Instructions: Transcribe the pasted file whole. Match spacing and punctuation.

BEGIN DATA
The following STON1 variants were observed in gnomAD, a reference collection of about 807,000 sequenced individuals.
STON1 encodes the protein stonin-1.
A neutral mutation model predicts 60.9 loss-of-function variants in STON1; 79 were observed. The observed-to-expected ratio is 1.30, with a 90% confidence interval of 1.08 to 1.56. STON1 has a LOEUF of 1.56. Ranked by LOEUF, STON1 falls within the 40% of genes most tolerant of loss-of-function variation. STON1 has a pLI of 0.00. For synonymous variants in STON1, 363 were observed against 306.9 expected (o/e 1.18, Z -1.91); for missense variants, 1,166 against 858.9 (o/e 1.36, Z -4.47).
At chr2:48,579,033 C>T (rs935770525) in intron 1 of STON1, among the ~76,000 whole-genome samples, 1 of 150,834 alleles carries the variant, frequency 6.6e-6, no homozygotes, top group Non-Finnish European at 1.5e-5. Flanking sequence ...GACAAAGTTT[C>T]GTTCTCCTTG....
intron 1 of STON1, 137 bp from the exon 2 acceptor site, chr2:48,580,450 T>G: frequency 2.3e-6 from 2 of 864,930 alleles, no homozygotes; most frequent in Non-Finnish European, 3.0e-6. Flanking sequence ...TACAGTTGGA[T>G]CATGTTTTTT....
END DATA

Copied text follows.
The following STON1 variants were observed in gnomAD, a reference collection of about 807,000 sequenced individuals.
STON1 encodes the protein stonin-1.
A neutral mutation model predicts 60.9 loss-of-function variants in STON1; 79 were observed. The observed-to-expected ratio is 1.30, with a 90% confidence interval of 1.08 to 1.56. STON1 has a LOEUF of 1.56. Ranked by LOEUF, STON1 falls within the 40% of genes most tolerant of loss-of-function variation. STON1 has a pLI of 0.00. For synonymous variants in STON1, 363 were observed against 306.9 expected (o/e 1.18, Z -1.91); for missense variants, 1,166 against 858.9 (o/e 1.36, Z -4.47).
At chr2:48,579,033 C>T (rs935770525) in intron 1 of STON1, among the ~76,000 whole-genome samples, 1 of 150,834 alleles carries the variant, frequency 6.6e-6, no homozygotes, top group Non-Finnish European at 1.5e-5. Flanking sequence ...GACAAAGTTT[C>T]GTTCTCCTTG....
intron 1 of STON1, 137 bp from the exon 2 acceptor site, chr2:48,580,450 T>G: frequency 2.3e-6 from 2 of 864,930 alleles, no homozygotes; most frequent in Non-Finnish European, 3.0e-6. Flanking sequence ...TACAGTTGGA[T>G]CATGTTTTTT....